By Carlena Knight
The Commissioner of Police has reiterated calls for a mental wellness professional to be attached to the Royal Police of Antigua and Barbuda.
Atlee Rodney first made the appeal earlier this year when he requested that a mental health professional be assigned to offer support to police officers who are asked to deal with stressful issues on a daily basis, and although the law enforcement department has been working alongside the American University of Antigua (AUA) regarding the mental well-being of its officers, he said a more permanent solution is still needed.
“We have not been given an expert assigned to the police force, but the AUA has listened to our cry and has stepped forward with the assistance that they have been providing to the police force when it comes to mental wellness. They have provided workshops, they have provided one-on-one counselling, and they have also provided some group counselling sessions; and we just want to thank them for that because I know the importance of having good mental wellness as we perform this job of law enforcement; but we still have the need to have someone assigned to the police force to provide that service. Just as we need someone to provide medical help, we also need someone to provide psychological help as well,” Rodney said while speaking at the Police Press Conference last week.
In addition to the mental wellness training, Rodney mentioned that other training sessions have been ongoing.
Despite the fact that the normal practice of overseas training for law enforcement officials have been cancelled due to Covid, in-house training is now being conducted.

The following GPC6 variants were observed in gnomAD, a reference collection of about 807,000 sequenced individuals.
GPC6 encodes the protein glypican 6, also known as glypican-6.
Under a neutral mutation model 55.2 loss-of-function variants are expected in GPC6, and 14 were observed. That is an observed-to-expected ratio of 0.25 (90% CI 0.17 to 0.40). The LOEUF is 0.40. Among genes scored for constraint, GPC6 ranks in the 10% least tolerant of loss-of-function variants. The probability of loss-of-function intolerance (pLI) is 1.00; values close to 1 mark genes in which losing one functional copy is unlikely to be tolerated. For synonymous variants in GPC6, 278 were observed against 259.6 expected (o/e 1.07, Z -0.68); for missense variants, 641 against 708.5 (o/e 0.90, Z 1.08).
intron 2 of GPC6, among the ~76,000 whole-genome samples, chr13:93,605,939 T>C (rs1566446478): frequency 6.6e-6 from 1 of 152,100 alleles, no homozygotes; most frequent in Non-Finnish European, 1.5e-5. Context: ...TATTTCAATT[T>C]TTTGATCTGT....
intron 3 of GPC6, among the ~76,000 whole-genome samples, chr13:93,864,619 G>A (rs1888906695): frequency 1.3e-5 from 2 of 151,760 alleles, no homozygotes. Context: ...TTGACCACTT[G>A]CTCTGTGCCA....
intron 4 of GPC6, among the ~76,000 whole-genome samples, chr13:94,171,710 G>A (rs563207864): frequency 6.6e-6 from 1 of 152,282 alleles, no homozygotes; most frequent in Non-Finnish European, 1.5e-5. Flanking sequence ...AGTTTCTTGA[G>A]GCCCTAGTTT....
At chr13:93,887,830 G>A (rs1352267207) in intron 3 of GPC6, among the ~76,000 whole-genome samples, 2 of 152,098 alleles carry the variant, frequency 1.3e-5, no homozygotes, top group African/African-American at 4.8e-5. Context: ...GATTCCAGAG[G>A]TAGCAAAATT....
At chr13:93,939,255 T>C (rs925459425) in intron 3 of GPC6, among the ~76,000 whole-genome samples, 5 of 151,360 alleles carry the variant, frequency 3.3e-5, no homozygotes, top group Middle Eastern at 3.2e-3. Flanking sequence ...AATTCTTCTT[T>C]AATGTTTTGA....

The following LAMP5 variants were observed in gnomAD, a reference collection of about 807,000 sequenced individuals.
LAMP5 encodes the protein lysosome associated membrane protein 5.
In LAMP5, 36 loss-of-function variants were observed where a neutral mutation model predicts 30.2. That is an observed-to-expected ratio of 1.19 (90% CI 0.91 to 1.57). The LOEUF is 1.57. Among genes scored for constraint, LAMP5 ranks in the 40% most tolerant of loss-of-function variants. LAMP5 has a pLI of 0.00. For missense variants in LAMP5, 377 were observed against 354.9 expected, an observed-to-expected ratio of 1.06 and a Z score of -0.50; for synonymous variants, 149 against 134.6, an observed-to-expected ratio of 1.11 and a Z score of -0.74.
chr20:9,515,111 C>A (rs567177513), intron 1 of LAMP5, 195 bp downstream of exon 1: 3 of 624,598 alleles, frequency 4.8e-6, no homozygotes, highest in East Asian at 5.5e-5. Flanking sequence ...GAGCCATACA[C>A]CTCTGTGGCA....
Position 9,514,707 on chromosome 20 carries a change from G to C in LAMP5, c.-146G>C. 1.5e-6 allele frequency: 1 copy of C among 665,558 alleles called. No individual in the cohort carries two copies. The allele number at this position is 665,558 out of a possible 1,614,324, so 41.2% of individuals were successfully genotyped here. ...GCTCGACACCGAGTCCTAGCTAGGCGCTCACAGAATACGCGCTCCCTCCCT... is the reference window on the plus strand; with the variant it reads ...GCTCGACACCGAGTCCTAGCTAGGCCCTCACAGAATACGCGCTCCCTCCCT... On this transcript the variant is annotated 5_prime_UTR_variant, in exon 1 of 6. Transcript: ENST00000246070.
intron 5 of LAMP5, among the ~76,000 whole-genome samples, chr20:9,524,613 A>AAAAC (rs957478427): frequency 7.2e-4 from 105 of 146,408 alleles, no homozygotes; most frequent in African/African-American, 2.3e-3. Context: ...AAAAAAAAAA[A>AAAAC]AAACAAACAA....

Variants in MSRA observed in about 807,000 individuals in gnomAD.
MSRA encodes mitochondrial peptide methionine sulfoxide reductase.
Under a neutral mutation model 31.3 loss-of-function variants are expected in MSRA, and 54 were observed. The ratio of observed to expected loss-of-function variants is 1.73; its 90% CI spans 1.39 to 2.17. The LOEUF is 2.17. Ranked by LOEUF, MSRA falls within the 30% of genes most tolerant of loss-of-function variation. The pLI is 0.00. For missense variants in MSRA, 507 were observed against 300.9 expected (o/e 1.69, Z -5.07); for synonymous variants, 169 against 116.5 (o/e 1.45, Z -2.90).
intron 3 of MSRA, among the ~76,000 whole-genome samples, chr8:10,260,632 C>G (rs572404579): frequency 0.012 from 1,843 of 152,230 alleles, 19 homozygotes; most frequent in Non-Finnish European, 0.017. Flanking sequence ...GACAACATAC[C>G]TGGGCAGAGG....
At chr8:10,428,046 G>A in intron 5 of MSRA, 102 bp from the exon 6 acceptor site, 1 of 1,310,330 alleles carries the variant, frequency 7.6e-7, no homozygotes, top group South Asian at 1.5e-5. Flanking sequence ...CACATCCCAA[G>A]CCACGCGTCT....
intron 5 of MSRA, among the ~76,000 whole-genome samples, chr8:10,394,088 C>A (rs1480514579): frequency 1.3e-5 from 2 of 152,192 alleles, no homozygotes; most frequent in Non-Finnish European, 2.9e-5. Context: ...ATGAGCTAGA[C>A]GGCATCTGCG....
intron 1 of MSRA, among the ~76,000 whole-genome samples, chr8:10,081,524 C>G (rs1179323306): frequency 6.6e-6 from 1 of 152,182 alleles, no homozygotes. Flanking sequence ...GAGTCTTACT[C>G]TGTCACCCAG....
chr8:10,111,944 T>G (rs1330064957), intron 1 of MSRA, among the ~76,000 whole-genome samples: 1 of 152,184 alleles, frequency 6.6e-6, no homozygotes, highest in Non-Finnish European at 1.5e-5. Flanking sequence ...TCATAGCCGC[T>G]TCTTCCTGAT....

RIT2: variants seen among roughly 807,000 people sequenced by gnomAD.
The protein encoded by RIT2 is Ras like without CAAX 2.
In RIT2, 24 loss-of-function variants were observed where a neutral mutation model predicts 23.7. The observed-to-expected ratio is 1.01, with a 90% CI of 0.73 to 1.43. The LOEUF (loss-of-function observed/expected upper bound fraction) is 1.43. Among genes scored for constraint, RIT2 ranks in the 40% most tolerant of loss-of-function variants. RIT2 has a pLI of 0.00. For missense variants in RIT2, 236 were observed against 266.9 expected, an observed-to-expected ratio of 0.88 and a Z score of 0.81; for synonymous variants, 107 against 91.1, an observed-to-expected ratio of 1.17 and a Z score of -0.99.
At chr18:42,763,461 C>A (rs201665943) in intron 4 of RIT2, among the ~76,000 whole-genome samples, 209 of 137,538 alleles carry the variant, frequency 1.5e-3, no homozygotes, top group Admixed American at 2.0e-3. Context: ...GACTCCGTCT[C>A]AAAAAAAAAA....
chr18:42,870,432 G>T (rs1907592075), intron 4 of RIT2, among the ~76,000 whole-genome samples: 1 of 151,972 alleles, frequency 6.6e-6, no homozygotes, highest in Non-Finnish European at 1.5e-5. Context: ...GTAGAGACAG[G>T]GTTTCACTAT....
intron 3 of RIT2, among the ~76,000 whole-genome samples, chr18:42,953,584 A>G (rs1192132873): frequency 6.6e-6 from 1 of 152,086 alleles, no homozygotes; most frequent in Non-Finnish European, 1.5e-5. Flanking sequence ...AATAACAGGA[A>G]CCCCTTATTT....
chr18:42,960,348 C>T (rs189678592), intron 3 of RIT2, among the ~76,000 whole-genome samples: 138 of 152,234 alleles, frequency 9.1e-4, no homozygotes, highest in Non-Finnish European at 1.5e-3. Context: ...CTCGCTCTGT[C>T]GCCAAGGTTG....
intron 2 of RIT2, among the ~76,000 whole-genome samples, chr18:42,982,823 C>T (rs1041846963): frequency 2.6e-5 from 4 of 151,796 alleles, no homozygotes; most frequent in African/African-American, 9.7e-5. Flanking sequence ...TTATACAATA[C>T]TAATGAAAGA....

Rodney shared that a number of administrative training sessions have been completed.
Just last month, 16 senior police officers and one senior prison officer graduated from the Sir Wright F. George Police Academy, having completed a Senior Police\Prison Administrators Course-SPAC.
The two weeks of training began on Monday 14th September and concluded on Friday 25th September, with a short graduation ceremony. The course covered a wide range of topics such as, Corruption in Public Office, Human Rights, Critical Thinking, Effective Communication, Use of Force Policy, Effective Leadership, and Change Management, among others.
“[Covid] has obviously affected our overseas training opportunities, but we have decided to conduct several in-service training and training courses catered towards all aspects of policing. So far, we have completed training in the area of the junior level, the constables level, and then we went into supervisory training. We went into middle management, we had a senior management training course and then the last one we will be having later this month is for senior executive officers,” he explained.
The Tactical Unit, Traffic Department and Criminal Investigation units, according to Rodney, will be conducting their specific training this week.